Novel approaches for mechanistic understanding and predicting preeclampsia
Department of Pediatrics, Women and Infants Hospital-Warren Alpert Medical School of Brown University, Providence, RI, USA. Journal of Reproductive Immunology
(Impact Factor: 2.82).
10/2009; 83(1-2):134-8. DOI: 10.1016/j.jri.2009.08.006
Despite intense investigation, preeclampsia (PE) remains largely enigmatic. Relatively late onset of diagnostic signs and heterogeneous nature of the disease further contribute to poor understanding of its etiology and clinical management. There exist no concrete animal models that can provide mechanistic underpinnings for evaluating targeted therapeutic intervention. Poor cross-sectional findings with potential biochemical markers reported so far have proved counterintuitive and suggest a need for novel approaches to predict the early onset of disease. Because of the co-onset of local placental anomalies and systemic manifestation of symptoms, it is highly likely that serum from PE patients can provide a "blueprint" of causative factors. Proteomic and/or functional analysis of maternal serum are expected to predict the onset of disease ahead of manifestation of clinical symptoms. A serum-based predictive assay should overcome complexities resulting from the heterogeneous etiology of PE. This review attempts to address some of these issues and discuss the signature biochemical serum factors and propose new and better ways to predict PE.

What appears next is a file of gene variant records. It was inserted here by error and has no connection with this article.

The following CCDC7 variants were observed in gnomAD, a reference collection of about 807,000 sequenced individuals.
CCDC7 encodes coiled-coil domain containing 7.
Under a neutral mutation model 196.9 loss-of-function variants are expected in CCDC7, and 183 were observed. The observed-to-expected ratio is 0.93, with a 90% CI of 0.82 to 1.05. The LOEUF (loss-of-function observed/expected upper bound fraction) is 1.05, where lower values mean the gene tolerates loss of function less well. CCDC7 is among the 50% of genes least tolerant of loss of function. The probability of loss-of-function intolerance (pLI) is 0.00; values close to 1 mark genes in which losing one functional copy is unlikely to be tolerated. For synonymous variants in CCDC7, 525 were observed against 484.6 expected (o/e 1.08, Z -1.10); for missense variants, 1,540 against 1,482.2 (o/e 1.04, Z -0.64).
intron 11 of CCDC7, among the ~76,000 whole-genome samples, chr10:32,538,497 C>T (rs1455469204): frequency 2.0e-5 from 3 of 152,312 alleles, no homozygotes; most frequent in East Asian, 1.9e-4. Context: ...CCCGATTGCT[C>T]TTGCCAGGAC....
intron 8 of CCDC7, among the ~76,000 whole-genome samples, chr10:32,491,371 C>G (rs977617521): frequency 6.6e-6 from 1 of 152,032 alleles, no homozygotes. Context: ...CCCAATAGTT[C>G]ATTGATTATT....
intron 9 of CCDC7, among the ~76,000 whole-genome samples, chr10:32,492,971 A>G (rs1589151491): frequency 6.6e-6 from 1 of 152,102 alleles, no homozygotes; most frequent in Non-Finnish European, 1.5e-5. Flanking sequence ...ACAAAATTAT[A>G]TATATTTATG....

Available from: Kenneth D Beaman
- "In this study, we demonstrated that vitamin D induced VEGF and G-CSF production in peripheral NK cells. Lower expression of VEGF has been reported in women with pre-eclampsia or intrauterine growth restriction (Dunk and Ahmed, 2001;Kalkunte et al., 2009).Molvarec et al. (2010)reported that the percentage of VEGF-producing peripheral blood NK cells was significantly lower in women with pre-eclampsia compared with that of healthy pregnant women. Consequently, dysregulation of VEGF production by NK cells at the feto–maternal interface may cause poor angiogenesis and pregnancy complications such as RPL or preeclampsia . "
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ABSTRACT: STUDY QUESTION
Do women with recurrent pregnancy losses (RPL) and low vitamin D have increased prevalence of auto- and cellular immune abnormalities when compared with women with RPL who have normal vitamin D, and does vitamin D have any effect on cellular immunity in vitro?
A high proportion of women with RPL have vitamin D deficiency and the risk of auto- and cellular immune abnormalities is increased in women with RPL and vitamin D deficiency.
WHAT IS KNOWN ALREADY
Vitamin D deﬁciency in pregnant women is associated with increased risk of obstetrical complications such as pre-eclampsia, bacterial vaginosis associated preterm delivery, gestational diabetes mellitus and small-for-gestational age births.
STUDY DESIGN, SIZE, DURATION
A retrospective cross-sectional study of 133 women with RPL who were enrolled in a 2-year period, together with laboratory experiments.
PARTICIPANTS/MATERIALS, SETTING, METHODS
Women with three or more consecutive spontaneous abortions prior to 20 weeks of gestation who were enrolled at the University clinic. Serum vitamin D level, cellular activity and autoimmune parameters in vivo and in vitro were measured.
MAIN RESULTS AND THE ROLE OF CHANCE
Sixty-three out of 133 women (47.4%) had low vitamin D (
Available from: Jacek Tabarkiewicz